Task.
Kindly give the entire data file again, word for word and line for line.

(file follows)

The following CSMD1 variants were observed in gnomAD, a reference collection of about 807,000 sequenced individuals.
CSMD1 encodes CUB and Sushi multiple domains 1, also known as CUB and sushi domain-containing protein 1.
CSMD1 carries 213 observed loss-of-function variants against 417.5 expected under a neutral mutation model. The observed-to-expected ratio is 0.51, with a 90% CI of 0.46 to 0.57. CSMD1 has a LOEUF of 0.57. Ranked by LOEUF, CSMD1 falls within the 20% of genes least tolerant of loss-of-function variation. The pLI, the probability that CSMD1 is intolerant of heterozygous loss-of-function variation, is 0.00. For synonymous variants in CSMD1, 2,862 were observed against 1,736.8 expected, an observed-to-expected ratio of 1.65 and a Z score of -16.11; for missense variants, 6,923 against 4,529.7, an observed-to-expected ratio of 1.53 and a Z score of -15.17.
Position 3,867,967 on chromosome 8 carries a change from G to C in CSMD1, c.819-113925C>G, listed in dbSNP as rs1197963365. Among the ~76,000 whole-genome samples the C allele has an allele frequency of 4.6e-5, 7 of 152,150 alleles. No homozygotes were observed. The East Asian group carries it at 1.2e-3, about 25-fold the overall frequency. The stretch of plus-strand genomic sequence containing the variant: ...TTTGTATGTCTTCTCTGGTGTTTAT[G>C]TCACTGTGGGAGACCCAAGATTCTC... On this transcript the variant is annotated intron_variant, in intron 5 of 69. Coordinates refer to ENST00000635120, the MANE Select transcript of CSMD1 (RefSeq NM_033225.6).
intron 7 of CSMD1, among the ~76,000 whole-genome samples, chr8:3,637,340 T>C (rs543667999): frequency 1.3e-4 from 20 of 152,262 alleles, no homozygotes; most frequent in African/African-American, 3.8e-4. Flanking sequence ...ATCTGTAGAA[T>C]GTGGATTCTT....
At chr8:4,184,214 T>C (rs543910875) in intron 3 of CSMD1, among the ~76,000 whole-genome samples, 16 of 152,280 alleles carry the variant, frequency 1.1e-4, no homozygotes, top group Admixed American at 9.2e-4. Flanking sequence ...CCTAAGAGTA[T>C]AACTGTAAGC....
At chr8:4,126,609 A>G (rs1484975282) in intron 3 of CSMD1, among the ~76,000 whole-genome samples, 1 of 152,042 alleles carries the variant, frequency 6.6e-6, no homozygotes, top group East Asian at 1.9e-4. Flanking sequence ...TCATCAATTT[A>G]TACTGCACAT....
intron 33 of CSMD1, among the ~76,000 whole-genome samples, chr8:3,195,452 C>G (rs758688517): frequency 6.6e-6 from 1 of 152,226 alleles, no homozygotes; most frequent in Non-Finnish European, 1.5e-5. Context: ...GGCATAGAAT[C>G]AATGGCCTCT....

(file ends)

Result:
The following CSMD1 variants were observed in gnomAD, a reference collection of about 807,000 sequenced individuals.
CSMD1 encodes CUB and Sushi multiple domains 1, also known as CUB and sushi domain-containing protein 1.
CSMD1 carries 213 observed loss-of-function variants against 417.5 expected under a neutral mutation model. The observed-to-expected ratio is 0.51, with a 90% CI of 0.46 to 0.57. CSMD1 has a LOEUF of 0.57. Ranked by LOEUF, CSMD1 falls within the 20% of genes least tolerant of loss-of-function variation. The pLI, the probability that CSMD1 is intolerant of heterozygous loss-of-function variation, is 0.00. For synonymous variants in CSMD1, 2,862 were observed against 1,736.8 expected, an observed-to-expected ratio of 1.65 and a Z score of -16.11; for missense variants, 6,923 against 4,529.7, an observed-to-expected ratio of 1.53 and a Z score of -15.17.
Position 3,867,967 on chromosome 8 carries a change from G to C in CSMD1, c.819-113925C>G, listed in dbSNP as rs1197963365. Among the ~76,000 whole-genome samples the C allele has an allele frequency of 4.6e-5, 7 of 152,150 alleles. No homozygotes were observed. The East Asian group carries it at 1.2e-3, about 25-fold the overall frequency. The stretch of plus-strand genomic sequence containing the variant: ...TTTGTATGTCTTCTCTGGTGTTTAT[G>C]TCACTGTGGGAGACCCAAGATTCTC... On this transcript the variant is annotated intron_variant, in intron 5 of 69. Coordinates refer to ENST00000635120, the MANE Select transcript of CSMD1 (RefSeq NM_033225.6).
intron 7 of CSMD1, among the ~76,000 whole-genome samples, chr8:3,637,340 T>C (rs543667999): frequency 1.3e-4 from 20 of 152,262 alleles, no homozygotes; most frequent in African/African-American, 3.8e-4. Flanking sequence ...ATCTGTAGAA[T>C]GTGGATTCTT....
At chr8:4,184,214 T>C (rs543910875) in intron 3 of CSMD1, among the ~76,000 whole-genome samples, 16 of 152,280 alleles carry the variant, frequency 1.1e-4, no homozygotes, top group Admixed American at 9.2e-4. Flanking sequence ...CCTAAGAGTA[T>C]AACTGTAAGC....
At chr8:4,126,609 A>G (rs1484975282) in intron 3 of CSMD1, among the ~76,000 whole-genome samples, 1 of 152,042 alleles carries the variant, frequency 6.6e-6, no homozygotes, top group East Asian at 1.9e-4. Flanking sequence ...TCATCAATTT[A>G]TACTGCACAT....
intron 33 of CSMD1, among the ~76,000 whole-genome samples, chr8:3,195,452 C>G (rs758688517): frequency 6.6e-6 from 1 of 152,226 alleles, no homozygotes; most frequent in Non-Finnish European, 1.5e-5. Context: ...GGCATAGAAT[C>G]AATGGCCTCT....